My not-so-petit dejeuner is not being served in a Far East five-star hotel or aboard a luxury cruise liner in the Caribbean.

Far from it. I’ve got a ticket to ride on the Fellsman and am currently sat on a train, trundling through England’s Northwest from Lancaster to Carlisle.

This new, steam-hauled service is a living-heritage excursion back in time to the golden age of rail travel. The first timetabled steam train to operate on the line in over 40 years, the Fellsman [pictured above] runs every Wednesday until September.

It uses a pool of three restored steam engines from the Thirties and period carriages from the Fifties with table seats, panoramic windows and table service in Premier class. It picks up passengers from Lancaster and cuts a splendidly scenic, 260-mile swathe along the mountainous Yorkshire-Cumbria frontier, using the historic Settle and Carlisle line.

Memory lane

“Rail is still the best way to see Britain,” says Nick Dodson, Chairman of Statesman Rail, which operates the service.

“Steam trains smell of nostalgia and the Fellsman harks back to the golden age with its standards of service and dining.”

Saved from closure some 20 years ago, the Settle and Carlisle line is now regarded as one of the great train routes in Britain, running northwards and almost parallel to the M6 and West Coast Main Line route to Scotland.

It’s a testament to the Victorian engineering that not only built a network around Britain, but also took the iron horse to India, Africa and South America.

Track construction started in 1869 with a workforce of 6,000 men – over 200 went on to loose their lives on the job. Passenger services started in 1876 at a total cost of £3.5m.

The combination of challenging climatic conditions, steep gradients and complex engineering of the 21 stone-built viaducts, 14 tunnels and numerous bridges fostered a reputation as a one-off ride.

It is immortalised in the 1955 short film, Snowdrift at Bleath Gill, held by the British Transport Film archive.

“The Settle to Carlisle line is part of Pennine culture. It’s a triumph of man over environment,” says Nick Dodson. “Blood, sweat and steam got the trains through and the engine drivers were afforded the same respect at that time as airline pilots are today.”

Rail enthusiasts

Joining me for the Fellsman’s first run are a good-natured mix of retired rail enthusiasts, fathers and sons on bonding day trips and mature couples enjoying the sense of nostalgia.

From Settle we build a steady head of steam to a maximum speed of 60mph as we climb towards the 24-arch Ribblehead Viaduct with views of three Pennine peaks.

Sturdy stone cottages cling stoically to the rough-hewn landscape of the peaks, fells and farmland. Lambs gamble playfully in the lush-green fields and gurgling streams tumble over moss-coated stepping stones. Walkers in muddy boots, stop, sup from their flasks and wave us on by with a grin.

While the passengers snore through a mid-morning snooze, or catch up on the weekend papers, I head back through the train carriages to the staff car for a word with guard and fireman Alasdair Morgan.

An affable Bolton lad with a boyish enthusiasm for steam trains, he sports a jaunty knotted handkerchief to protect his silver-fox locks from the onslaught of soot.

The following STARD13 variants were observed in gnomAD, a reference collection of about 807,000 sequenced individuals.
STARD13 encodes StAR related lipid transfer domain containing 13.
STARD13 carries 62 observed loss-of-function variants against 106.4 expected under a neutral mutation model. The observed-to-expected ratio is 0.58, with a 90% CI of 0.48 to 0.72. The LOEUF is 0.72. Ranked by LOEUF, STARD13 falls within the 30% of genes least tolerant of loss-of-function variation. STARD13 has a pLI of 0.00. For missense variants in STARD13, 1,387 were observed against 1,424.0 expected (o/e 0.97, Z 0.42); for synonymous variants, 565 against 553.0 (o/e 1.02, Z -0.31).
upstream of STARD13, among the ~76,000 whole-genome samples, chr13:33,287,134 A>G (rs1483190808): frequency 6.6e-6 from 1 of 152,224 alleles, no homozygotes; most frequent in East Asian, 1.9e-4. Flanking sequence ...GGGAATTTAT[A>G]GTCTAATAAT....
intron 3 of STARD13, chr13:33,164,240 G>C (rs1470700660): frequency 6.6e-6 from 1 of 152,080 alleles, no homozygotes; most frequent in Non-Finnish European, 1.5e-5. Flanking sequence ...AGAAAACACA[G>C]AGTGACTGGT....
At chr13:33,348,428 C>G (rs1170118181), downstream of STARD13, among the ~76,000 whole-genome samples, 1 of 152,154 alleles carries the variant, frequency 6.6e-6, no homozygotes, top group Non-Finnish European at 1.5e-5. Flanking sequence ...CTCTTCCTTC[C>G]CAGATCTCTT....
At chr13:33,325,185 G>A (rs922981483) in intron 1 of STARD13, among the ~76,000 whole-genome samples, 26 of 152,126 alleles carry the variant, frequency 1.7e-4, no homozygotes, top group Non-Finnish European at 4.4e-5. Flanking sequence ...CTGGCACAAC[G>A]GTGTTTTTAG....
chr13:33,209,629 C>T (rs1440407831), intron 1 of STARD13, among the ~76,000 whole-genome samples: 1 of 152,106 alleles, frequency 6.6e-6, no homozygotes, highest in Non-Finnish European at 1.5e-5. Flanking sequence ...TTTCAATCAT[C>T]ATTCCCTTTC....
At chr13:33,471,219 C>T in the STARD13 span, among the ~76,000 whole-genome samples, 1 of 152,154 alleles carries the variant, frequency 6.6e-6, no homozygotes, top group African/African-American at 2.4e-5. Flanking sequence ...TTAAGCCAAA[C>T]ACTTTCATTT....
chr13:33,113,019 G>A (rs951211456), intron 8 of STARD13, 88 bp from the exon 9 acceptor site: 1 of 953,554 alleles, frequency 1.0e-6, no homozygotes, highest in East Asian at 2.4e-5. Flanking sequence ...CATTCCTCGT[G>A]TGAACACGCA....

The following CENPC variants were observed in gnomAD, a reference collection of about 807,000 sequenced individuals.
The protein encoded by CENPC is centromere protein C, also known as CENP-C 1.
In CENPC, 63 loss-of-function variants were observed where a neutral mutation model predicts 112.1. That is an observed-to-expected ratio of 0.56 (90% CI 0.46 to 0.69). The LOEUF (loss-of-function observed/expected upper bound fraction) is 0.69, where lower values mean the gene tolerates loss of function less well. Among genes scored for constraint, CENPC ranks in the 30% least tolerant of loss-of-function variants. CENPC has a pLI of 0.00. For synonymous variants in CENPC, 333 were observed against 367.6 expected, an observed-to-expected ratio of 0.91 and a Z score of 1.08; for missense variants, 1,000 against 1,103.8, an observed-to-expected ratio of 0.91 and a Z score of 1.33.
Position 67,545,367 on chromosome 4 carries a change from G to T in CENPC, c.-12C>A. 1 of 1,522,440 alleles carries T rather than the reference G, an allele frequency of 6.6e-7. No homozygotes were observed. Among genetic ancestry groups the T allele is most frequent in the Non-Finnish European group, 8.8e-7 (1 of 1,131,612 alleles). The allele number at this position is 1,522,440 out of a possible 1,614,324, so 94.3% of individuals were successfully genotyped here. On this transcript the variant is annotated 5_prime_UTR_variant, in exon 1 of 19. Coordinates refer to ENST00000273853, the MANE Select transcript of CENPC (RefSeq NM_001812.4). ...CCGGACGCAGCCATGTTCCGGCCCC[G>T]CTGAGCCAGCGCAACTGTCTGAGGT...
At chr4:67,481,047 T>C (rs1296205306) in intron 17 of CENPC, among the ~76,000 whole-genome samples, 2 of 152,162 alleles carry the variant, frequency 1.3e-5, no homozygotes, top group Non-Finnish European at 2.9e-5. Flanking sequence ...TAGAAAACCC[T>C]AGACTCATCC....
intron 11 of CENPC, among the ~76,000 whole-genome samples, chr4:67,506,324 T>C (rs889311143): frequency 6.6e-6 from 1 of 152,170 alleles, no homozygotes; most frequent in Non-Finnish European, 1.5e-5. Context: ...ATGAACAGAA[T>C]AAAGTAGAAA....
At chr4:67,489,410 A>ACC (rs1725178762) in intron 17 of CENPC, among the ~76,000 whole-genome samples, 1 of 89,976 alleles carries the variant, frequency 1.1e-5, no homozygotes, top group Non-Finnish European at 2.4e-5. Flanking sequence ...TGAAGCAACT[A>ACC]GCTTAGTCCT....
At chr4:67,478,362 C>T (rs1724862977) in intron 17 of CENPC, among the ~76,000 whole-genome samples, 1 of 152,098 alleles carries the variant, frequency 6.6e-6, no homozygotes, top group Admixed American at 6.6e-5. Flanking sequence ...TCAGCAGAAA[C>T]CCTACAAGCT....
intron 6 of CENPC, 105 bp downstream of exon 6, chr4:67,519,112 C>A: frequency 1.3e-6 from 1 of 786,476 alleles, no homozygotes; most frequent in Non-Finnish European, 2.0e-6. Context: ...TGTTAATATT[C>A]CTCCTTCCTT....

“It’s a 20-mile climb from Settle to Ribbelehead, so I’m putting ten shovels of coal on the fire every couple of minutes to maintain boiler pressure and keep the water boiling,” says Alasdair.”It’s dirty, smelly and noisy – and I love every minute of it,” he grins.

“You have to interact with a steam loco, listening to the sounds it makes. It’s a living entity.”

Break the journey

With a two-hour break in Carlisle to stretch my legs, I head for Tullie House Museum and Art Gallery, where the Border Galleries explains Carlisle’s development as a rail hub.

Given its strategic border-crossing location, seven different railway companies had lines ending at Carlisle Citadel Station by 1876.

Back on the platform as the staff prepares the train for the return, I quiz my fellow passengers about the experience.

“I remember the old days of steam trains from the Fifties and loved the ride today,” enthuse friends Maurice Parker and Brian Plant from Staffordshire. “People moan about British trains but this service shows we still have a lot to be proud of.”

Heading home

I can smell the dinner simmering in the kitchen car as I take my seat and settle in for the early evening return.

Everyone loves steam trains. Maybe it’s the genteel elegance of the dining car, maybe the idea of revisiting an indulgent, luxurious era, maybe the sense of pride that Britain once built railways for the world and can still operate a first-class service.

Or maybe it’s just as Nick Dodson says.

“Nothing beats a full English in an old Pullman carriage with the smell of the steam wafting in through the open windows.”

Yes, maybe. That breakfast was pretty special.

This story was first published in Hotline magazine in 2009.

Liked this? Try also these stories with something of a Father’s Day motif, Family Holidays in the Lake District and Riding the Glacier Express in Switzerland.

Your view? Post your comments below.

Story of the day: Riding the rails in Snowdonia


Time to wrap up and move on. I’ve been posting stories from my back catalogue since January and I’ve enjoyed revisiting some old features.

Maybe even someone reading did, too? Do let me know.

But with St David’s Day and spring on the horizon, daffodils in bloom in my local park, it’s time to give this site a more newsy edge.

So these are the last archive articles for a while.

First is a rail journey across Snowdonia, a similar idea to a more recent story in the Telegraph.

Here’s an extract:

Arrival at Rhyd Ddu was marked by a flurry of walking boots and Gore-Tex on the platform.

The station acts as the gateway to a series of day walks, including an 13km-round-trip Snowdon ascent along well-marked paths, or tackling the Nantlle Ridge walk, a calf-burning circular yomp round a steep, zigzagging rim.

I could have tackled the latter and still been back in time for the next train.

But instead I opted for a gentler hike through rolling woodlands, then down to explore Rhyd Ddu, a tiny hamlet of granite cottages set around a village pub and tearooms, where the sign outside enthused: ‘Muddy Boots Welcome’ [pictured above].

Read the full story, Riding the Welsh Highland Railway.

What’s your favourite rail journey? How do you rate my description of the Glacier Express?

Post your comments below.